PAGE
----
How To Stop a Panic Attack

No one likes having a panic attack, but the trick is to understand and identify the initial symptoms that start pulling you into one. Noticing a pattern of your bodily response to a panic attack or knowing how you begin to feel is the first step towards preventing one from taking control. 

Grounding Exercises

Grounding techniques can help anchor you to the present moment and divert your focus from the panic attack. One effective grounding method is the 5-4-3-2-1 exercise. Name five things you can see, four things you can touch, three things you can hear, two things you can smell, and one thing you can taste. This sensory exercise can help bring your attention back to reality and away from anxious thoughts.

Distract yourself

Managing a panic attack is ultimately in your hands, so muster up your mental strength and distract yourself with some activity or jolt your senses. Use strong scents such as peppermint oil or touch an ice cube to snap your body out of its present state. You could also immerse yourself in meaningful work, focusing on it as if nothing else matters at that moment. You could also focus on a movie or listen to music.


Take yourself to a happy place where you begin feeling calm. You could visualize yourself somewhere imaginary or where you’ve never been before, or you could recall a vacation or a business that gave you happy memories. Try and identify as many details of the place such as smell, sound, taste of food, and anything that requires your brain to perform an activity other than your current situation.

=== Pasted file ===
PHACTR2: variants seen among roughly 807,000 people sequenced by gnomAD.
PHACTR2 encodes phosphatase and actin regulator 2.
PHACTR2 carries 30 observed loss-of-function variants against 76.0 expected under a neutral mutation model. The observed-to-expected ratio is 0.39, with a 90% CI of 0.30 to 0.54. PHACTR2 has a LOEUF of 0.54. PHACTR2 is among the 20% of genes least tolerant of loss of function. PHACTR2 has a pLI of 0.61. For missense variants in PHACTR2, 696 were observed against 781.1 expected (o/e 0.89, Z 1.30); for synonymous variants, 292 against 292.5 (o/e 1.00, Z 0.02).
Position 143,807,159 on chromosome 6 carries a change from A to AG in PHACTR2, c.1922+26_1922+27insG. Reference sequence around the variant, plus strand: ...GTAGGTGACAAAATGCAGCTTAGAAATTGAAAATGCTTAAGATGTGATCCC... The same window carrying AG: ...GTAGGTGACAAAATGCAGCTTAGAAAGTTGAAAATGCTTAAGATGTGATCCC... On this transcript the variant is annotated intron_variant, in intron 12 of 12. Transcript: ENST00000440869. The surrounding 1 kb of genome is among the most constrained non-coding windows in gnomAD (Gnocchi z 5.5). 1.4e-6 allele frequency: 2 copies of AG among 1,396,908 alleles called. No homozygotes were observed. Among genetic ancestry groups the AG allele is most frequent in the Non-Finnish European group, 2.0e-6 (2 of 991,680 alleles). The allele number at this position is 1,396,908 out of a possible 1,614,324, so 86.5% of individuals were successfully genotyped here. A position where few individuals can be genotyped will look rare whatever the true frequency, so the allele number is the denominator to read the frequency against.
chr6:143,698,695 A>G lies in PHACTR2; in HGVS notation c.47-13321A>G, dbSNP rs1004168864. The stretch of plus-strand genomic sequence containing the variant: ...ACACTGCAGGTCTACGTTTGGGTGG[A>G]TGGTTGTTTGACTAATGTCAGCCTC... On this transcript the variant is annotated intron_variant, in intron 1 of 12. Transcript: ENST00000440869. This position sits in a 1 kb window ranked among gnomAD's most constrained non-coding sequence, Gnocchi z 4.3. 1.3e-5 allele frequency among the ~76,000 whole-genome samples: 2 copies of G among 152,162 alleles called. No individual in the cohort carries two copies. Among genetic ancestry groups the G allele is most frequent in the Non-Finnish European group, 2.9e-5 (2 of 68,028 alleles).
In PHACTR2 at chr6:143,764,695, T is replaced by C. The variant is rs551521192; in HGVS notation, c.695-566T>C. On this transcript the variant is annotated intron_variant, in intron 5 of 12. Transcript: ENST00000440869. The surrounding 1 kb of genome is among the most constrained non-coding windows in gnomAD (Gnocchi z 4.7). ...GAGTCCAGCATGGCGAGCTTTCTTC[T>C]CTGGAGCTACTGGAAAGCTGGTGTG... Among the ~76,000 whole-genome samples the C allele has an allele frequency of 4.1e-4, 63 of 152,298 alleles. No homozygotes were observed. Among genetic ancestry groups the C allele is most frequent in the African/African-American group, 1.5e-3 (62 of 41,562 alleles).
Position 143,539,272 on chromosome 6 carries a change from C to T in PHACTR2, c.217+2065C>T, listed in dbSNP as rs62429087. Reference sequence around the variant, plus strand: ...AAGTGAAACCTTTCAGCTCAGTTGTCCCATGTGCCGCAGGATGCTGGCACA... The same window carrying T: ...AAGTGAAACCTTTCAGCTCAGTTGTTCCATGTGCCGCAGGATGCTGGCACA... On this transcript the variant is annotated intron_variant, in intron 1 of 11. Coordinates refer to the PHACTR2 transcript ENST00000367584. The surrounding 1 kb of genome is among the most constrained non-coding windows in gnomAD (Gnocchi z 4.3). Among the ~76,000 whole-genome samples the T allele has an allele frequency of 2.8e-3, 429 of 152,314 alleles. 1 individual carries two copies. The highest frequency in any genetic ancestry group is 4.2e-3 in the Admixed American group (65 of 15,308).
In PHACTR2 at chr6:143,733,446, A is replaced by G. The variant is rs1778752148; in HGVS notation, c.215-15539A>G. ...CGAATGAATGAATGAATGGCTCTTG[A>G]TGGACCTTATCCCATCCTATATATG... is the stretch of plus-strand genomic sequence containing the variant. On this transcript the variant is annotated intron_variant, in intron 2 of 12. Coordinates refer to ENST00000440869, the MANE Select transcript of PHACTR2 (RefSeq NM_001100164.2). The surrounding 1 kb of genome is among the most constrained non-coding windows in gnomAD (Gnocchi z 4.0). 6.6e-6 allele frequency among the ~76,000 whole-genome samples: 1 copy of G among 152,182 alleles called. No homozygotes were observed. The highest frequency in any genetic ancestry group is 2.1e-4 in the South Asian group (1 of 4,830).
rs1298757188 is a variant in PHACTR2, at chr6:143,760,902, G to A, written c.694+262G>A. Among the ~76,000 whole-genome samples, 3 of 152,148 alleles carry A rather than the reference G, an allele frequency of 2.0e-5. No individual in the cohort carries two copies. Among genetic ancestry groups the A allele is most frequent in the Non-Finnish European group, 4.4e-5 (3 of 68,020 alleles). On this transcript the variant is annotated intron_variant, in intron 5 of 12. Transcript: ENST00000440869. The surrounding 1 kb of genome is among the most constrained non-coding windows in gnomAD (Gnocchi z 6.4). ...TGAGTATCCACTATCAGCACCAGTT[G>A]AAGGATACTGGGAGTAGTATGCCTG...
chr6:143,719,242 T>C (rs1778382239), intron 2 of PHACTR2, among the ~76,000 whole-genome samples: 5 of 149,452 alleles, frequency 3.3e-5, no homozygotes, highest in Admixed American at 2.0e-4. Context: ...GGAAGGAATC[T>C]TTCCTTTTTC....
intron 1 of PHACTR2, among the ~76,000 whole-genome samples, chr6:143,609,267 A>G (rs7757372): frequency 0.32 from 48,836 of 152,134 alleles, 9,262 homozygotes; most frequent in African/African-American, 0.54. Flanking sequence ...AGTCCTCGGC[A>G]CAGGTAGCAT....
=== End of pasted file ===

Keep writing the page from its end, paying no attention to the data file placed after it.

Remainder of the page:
Coping Statements

Coping sttements re often helpful when lerning how to stop a panic attack. You could then talk to yourself using reassuring coping statements such as I am not afraid *This will pass* I know what to do, ” and * This is just a panic attack* I’ve handled this before; I can take it now.*  I want to feel happy.

Deep Breathing

During a panic attack, your breathing quickens; this is your body’s flight or fight mode. Slow breathing is just the opposite, which will turn off the danger mode. Place one hand on your stomach and one hand on your chest. Now breathe deeply, inhale through the nose, and exhale through the mouth. Focus on your breathing the rise and fall of your belly. Be mindful, and combine this technique with self-reassuring statements. Repeat till you feel calm.

You can also try the 4-7-8 technique: Inhale for a count of four, hold your breath for seven and exhale for eight. This method can help regulate your body’s stress response and bring calmness to the situation.

Seek Support

Panic attacks usually seem to hit you suddenly, but if you observe the patterns of your experience, you will find some triggers that bring it on. Identifying these triggers could help reduce your panic attacks. If you find you aren’t doing well, call a friend who understands you and will talk to you through the experience. to stop a panic attack

Adopting these stratgeies how to stop a panic attack will help, but if it is impacting your daily life, consider talking to a mental health professional. Therapy (such as cognitive-behavioral therapy), counseling and, in some cases, medication may be recommended and will help. Ensocure Integrated Medicine in Bengaluru offers one on one affordable counselling for stress, depression, and anxiety in confidence.